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Analysis and PDE

Geometry and Analysis of Complex Shapes and Applications to Mathematical Physics

A project led by prof. Alexander Vasiliev has recently won a grant of the Research Council of Norway

NFR FRINATEK # 213440/BG (2012-2015)

Project leader - Alexander Vasiliev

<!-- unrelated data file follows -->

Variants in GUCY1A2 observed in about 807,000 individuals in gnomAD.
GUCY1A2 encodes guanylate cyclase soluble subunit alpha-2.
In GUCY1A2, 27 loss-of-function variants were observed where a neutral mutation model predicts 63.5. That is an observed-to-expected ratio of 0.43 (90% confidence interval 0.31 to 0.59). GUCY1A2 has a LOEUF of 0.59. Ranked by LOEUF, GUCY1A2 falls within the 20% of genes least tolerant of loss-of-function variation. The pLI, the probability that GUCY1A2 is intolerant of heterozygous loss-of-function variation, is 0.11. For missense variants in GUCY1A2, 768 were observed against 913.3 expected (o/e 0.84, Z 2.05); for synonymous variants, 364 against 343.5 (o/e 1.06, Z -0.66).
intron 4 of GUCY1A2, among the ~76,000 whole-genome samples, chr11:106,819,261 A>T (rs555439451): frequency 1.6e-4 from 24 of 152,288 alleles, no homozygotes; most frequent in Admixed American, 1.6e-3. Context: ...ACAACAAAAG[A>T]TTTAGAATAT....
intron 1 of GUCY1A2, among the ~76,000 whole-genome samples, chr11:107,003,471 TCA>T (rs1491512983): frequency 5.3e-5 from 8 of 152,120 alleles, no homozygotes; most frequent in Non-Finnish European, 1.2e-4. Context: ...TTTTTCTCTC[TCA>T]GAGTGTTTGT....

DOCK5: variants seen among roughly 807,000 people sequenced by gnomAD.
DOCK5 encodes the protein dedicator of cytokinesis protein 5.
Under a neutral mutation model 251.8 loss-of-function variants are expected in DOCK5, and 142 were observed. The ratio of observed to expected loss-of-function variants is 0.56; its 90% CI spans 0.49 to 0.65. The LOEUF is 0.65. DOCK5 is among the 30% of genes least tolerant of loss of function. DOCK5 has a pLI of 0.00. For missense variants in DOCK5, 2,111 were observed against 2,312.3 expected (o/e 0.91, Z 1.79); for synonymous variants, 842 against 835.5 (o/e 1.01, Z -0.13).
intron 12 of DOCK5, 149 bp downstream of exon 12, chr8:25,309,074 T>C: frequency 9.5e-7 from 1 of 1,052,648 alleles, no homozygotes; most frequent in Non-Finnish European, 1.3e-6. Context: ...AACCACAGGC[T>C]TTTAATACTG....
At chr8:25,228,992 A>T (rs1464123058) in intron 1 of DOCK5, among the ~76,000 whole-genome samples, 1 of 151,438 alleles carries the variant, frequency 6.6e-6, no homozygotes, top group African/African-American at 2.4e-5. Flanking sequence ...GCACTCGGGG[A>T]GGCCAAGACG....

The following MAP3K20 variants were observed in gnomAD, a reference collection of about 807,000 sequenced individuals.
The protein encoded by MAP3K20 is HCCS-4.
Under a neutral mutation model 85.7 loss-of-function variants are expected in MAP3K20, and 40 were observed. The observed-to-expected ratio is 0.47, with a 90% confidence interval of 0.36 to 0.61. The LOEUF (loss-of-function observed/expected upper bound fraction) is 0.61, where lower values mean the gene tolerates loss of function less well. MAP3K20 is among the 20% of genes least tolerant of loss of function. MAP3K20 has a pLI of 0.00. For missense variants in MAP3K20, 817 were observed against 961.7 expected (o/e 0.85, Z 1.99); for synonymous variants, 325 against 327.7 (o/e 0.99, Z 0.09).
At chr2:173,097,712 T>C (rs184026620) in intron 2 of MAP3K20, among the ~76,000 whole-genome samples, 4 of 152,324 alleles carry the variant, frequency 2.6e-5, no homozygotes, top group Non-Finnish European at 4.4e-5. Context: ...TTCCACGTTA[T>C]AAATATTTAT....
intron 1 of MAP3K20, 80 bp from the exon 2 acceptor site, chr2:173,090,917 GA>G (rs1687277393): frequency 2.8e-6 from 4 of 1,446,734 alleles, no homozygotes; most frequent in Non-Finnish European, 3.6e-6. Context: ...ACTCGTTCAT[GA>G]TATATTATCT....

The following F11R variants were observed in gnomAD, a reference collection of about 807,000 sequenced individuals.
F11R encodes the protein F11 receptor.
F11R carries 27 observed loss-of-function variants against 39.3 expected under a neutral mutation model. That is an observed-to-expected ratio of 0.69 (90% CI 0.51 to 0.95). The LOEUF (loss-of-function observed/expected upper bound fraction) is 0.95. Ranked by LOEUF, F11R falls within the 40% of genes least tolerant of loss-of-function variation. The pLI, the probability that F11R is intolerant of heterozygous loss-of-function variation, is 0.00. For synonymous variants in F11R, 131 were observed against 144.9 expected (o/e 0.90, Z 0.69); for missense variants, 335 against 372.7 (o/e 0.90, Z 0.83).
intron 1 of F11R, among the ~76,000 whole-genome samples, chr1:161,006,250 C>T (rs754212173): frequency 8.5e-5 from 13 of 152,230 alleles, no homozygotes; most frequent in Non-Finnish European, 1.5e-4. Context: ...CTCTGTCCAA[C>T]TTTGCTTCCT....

An important feature of the development in natural sciences during last decades is the increasing degree of cross-fertilization between mathematics and physics with great benefits to both subjects. Complex analysis and geometry recently became most relevant parts of mathematics for the study of classical and quantum field theories. An elegant description of 2D conformally invariant statistical physical systems in terms of stochastic (Schramm) Loewner contour evolution implied revolutionary progress in this direction at the beginning of XXI century. The project will focus on a progress beyond the state of arts in the study of classical and stochastic 2D non-equilibrium dynamics of complex shapes in relation with integrable systems, geometric control, non-holonomic geometry and classical complex analysis, on a mathematical description of mechanisms, which govern the deterministic and stochastic evolution of shapes, on a computer friendly description and contouring of complex shapes using the minimal resources, on comparison and distinguishing of shapes and finding geodesic motion between them in the space of shapes. Deterministic and random complex shapes will be encoded using circle diffeomorphisms and the Virasoro-Bott group (‘fingerprints’). The evolution in the space of shapes will be studied. Two sample contour evolution models are the Laplacian growth, Loewner and Loewner-Kufarev evolution and their generalizations. The ground idea of the project is that these evolutions are projections of a general evolution in the universal Sato’s Grassmannian to corresponding phase spaces. This will lead to relations to classical KdV type integrable hierarchies, to investigation of infinite dimensional constrained systems and to analysis on Lie-Fréchet groups, which proved to have an important role in classical/quantum mechanics and classical/quantum field theories. Geometric control will be developed on infinite dimensional groups. These relations will have far-reaching effect on the progress both in integrable systems and in classical complex analysis, geometry and control. Applications to the field of vision and pattern recognition will follow. More generally, topics of study are motivated by nonlinear physics and will include areas such as integrable systems, optimal control, Virasoro and Krichever-Novikov algebras, Loewner equations, and sub-Riemannian/Lorentzian geometric analysis. In other words, we shall work on a theory of constrained motion in difficult, mostly infinite dimensional, spaces.